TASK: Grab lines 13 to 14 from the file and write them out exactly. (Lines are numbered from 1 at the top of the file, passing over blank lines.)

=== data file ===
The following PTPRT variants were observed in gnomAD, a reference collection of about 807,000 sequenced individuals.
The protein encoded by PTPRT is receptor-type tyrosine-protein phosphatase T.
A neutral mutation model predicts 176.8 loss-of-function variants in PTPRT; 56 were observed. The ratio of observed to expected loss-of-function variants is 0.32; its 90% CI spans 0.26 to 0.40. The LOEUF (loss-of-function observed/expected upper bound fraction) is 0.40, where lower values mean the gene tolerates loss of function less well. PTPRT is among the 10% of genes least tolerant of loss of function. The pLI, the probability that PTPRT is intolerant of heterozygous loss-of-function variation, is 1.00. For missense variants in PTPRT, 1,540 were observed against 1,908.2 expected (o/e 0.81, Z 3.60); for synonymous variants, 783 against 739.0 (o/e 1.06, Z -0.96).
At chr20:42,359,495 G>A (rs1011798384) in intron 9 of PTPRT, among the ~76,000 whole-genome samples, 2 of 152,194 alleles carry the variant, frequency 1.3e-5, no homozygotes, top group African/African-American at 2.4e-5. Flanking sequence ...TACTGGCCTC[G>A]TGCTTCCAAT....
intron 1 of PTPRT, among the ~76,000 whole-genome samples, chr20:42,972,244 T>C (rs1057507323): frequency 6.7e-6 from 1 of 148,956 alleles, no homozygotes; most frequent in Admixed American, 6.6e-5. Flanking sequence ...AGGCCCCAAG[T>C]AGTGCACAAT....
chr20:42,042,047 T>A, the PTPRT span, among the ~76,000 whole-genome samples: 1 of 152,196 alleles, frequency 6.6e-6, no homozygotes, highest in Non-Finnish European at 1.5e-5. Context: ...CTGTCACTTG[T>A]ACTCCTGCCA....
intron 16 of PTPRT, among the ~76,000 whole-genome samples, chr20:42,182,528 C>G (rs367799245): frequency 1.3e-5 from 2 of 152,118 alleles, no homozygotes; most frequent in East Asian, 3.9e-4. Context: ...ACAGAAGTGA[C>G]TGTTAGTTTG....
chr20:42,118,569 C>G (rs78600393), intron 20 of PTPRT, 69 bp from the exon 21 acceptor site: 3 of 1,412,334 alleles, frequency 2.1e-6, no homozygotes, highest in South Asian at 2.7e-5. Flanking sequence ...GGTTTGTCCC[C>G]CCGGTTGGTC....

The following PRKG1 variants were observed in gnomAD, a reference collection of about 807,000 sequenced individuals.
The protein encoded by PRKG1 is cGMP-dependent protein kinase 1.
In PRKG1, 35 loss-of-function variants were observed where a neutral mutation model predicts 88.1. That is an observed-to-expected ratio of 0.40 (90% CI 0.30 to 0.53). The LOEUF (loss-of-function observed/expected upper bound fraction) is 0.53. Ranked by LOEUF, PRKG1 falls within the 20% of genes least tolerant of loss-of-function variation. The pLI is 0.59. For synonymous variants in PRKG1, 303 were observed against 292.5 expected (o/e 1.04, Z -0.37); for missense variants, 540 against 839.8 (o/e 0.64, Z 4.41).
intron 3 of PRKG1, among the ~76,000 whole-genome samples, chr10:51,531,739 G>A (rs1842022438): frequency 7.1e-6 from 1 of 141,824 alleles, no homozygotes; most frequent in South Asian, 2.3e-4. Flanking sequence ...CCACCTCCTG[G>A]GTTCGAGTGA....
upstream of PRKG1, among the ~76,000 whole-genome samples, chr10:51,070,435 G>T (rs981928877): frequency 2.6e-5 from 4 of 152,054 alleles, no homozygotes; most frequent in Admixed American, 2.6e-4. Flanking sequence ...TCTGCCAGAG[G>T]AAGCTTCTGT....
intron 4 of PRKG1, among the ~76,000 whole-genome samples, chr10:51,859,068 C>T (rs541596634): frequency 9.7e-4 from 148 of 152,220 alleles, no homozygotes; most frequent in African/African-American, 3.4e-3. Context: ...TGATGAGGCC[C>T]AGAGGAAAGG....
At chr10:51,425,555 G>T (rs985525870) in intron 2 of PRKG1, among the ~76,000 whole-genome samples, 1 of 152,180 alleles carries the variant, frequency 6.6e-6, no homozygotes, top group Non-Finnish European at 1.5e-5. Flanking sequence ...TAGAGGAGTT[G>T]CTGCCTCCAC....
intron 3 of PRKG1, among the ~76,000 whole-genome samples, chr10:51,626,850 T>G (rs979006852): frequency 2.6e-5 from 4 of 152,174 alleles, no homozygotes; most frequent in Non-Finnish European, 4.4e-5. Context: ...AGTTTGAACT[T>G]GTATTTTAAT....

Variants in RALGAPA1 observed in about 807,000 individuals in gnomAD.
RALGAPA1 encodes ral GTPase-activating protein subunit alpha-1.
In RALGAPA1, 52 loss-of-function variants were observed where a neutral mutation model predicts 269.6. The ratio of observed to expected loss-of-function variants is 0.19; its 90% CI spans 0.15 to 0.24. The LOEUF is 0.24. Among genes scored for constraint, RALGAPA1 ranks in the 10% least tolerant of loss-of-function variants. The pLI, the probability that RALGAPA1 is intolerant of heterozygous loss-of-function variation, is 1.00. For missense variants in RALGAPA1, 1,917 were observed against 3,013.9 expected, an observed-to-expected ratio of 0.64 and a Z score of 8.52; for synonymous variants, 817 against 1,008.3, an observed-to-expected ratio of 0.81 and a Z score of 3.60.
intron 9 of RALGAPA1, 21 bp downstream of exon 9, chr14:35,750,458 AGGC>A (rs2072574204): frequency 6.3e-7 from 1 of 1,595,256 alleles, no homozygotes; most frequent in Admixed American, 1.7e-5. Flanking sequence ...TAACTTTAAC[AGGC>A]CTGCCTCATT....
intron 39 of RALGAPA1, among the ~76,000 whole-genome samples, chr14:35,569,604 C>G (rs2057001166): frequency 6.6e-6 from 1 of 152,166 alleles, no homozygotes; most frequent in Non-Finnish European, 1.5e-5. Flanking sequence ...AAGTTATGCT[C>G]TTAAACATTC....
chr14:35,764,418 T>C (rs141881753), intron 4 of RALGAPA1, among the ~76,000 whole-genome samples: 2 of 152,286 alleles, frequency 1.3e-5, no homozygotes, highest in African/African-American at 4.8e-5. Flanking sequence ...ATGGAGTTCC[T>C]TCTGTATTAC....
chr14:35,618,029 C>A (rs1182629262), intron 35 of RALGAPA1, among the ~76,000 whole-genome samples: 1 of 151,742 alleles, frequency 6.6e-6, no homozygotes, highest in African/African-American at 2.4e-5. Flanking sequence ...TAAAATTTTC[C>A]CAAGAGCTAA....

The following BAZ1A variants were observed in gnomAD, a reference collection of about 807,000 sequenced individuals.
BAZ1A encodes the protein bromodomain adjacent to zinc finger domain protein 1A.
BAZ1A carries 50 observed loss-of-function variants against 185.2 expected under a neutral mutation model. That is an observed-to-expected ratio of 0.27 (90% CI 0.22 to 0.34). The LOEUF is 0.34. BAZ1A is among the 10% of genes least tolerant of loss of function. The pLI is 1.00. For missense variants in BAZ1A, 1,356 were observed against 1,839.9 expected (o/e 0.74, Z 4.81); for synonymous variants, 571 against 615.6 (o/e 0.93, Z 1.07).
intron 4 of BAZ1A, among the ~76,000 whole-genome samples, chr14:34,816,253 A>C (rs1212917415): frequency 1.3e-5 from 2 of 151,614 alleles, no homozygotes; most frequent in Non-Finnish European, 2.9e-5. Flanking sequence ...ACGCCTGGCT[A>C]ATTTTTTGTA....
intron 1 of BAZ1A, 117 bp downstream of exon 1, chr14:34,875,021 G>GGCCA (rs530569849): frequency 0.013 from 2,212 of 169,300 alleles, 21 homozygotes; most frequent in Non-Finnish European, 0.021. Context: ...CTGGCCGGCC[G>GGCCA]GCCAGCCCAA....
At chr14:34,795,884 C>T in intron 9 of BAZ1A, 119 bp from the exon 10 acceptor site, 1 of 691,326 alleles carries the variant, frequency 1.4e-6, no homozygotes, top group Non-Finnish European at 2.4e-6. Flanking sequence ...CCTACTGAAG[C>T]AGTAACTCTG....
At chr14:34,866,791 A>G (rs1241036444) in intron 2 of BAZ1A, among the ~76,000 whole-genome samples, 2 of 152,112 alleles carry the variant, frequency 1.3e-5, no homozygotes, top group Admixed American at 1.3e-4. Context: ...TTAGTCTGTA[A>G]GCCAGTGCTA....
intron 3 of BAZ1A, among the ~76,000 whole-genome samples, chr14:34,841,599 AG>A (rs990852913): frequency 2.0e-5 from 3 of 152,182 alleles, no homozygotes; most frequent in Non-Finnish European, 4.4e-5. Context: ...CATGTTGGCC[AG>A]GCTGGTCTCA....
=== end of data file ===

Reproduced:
upstream of PRKG1, among the ~76,000 whole-genome samples, chr10:51,070,435 G>T (rs981928877): frequency 2.6e-5 from 4 of 152,054 alleles, no homozygotes; most frequent in Admixed American, 2.6e-4. Flanking sequence ...TCTGCCAGAG[G>T]AAGCTTCTGT....
intron 4 of PRKG1, among the ~76,000 whole-genome samples, chr10:51,859,068 C>T (rs541596634): frequency 9.7e-4 from 148 of 152,220 alleles, no homozygotes; most frequent in African/African-American, 3.4e-3. Context: ...TGATGAGGCC[C>T]AGAGGAAAGG....